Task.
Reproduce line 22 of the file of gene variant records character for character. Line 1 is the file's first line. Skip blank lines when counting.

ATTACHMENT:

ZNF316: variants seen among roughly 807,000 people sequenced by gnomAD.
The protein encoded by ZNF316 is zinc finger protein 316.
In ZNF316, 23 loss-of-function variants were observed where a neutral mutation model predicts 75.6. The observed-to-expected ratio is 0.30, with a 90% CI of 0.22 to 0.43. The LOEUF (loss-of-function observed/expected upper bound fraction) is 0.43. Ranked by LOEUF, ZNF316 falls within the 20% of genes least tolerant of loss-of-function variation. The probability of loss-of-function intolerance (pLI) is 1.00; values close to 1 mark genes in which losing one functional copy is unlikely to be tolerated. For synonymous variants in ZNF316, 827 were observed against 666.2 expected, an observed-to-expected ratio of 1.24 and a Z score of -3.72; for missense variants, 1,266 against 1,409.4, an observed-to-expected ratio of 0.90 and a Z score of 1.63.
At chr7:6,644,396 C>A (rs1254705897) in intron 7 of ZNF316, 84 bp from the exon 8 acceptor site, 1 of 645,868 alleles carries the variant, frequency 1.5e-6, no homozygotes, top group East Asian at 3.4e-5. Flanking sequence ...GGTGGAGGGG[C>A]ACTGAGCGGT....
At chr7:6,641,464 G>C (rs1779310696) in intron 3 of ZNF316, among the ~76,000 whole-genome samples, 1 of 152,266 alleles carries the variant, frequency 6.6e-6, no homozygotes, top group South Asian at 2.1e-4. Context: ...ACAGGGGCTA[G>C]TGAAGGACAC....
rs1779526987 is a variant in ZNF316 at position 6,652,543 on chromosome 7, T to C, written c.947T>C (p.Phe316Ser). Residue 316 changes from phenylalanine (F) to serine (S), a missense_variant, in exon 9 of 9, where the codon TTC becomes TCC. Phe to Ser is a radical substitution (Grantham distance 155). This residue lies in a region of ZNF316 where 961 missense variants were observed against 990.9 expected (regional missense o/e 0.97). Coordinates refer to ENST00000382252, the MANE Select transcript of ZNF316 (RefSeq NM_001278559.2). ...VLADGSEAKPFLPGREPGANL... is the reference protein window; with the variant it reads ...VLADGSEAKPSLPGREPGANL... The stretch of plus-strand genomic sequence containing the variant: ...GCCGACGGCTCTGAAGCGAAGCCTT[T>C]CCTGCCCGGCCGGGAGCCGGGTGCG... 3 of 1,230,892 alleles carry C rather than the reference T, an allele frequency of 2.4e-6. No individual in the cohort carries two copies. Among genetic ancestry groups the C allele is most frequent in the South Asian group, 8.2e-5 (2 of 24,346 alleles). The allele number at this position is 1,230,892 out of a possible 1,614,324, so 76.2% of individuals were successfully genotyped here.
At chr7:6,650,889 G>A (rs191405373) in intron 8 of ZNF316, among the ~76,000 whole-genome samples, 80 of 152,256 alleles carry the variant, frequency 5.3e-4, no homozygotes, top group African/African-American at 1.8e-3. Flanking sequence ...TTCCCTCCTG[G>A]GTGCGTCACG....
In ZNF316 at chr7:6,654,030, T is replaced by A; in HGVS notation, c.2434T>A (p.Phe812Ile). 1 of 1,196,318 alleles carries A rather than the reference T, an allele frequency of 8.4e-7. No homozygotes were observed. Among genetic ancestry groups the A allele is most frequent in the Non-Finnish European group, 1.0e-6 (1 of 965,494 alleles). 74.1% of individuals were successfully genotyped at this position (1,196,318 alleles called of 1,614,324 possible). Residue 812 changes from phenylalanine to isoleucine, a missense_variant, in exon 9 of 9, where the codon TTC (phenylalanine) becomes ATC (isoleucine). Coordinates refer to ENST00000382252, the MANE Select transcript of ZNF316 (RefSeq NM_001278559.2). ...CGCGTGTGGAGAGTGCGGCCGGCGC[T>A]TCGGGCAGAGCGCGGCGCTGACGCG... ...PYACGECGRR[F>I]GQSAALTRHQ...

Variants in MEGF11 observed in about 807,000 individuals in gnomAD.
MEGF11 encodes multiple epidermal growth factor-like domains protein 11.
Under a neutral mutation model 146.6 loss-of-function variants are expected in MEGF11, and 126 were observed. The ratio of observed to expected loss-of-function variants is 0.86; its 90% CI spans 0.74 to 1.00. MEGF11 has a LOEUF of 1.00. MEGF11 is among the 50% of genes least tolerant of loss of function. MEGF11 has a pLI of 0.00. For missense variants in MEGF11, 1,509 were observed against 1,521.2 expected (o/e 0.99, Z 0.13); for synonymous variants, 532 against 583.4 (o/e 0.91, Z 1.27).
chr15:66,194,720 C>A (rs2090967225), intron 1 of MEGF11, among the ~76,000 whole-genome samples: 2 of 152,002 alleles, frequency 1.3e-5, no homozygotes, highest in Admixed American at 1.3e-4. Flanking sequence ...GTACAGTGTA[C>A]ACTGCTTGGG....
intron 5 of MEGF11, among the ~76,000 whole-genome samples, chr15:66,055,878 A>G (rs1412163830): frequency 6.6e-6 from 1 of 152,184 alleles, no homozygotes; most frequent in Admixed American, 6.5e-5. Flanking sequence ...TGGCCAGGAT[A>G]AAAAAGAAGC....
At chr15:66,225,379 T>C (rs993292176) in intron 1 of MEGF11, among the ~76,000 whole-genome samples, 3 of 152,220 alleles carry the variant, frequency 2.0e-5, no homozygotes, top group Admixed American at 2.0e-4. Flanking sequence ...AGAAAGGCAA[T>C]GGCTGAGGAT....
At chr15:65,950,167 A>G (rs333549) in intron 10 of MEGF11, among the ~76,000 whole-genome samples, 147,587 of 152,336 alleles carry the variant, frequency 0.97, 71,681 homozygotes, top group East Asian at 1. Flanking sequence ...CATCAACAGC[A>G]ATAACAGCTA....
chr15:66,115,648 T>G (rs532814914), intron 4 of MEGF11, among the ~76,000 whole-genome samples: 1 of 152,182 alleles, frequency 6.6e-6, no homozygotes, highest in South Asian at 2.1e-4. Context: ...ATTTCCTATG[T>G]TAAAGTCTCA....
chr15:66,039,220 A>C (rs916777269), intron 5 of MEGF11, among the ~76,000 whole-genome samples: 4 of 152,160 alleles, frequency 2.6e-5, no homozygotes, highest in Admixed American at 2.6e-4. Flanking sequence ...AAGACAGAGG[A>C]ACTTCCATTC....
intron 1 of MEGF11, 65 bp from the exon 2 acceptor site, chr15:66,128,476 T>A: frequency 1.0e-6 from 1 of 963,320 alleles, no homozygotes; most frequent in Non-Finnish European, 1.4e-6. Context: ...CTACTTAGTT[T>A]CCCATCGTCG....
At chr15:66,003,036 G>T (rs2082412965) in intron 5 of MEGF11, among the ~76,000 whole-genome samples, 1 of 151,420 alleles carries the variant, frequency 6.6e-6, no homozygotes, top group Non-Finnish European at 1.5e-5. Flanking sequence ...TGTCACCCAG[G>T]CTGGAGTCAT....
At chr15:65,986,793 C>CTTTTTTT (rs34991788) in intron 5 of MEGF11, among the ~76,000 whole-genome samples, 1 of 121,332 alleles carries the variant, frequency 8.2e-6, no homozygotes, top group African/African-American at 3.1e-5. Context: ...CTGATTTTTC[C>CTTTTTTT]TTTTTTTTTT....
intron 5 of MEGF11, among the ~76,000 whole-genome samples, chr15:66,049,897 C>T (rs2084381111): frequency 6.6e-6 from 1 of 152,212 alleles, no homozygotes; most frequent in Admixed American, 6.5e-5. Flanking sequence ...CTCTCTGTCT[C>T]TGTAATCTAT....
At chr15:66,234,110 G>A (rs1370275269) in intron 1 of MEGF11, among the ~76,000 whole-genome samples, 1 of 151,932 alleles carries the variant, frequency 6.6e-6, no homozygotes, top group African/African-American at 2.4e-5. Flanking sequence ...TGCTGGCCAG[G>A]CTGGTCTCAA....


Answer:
At chr15:66,234,110 G>A (rs1370275269) in intron 1 of MEGF11, among the ~76,000 whole-genome samples, 1 of 151,932 alleles carries the variant, frequency 6.6e-6, no homozygotes, top group African/African-American at 2.4e-5. Flanking sequence ...TGCTGGCCAG[G>A]CTGGTCTCAA....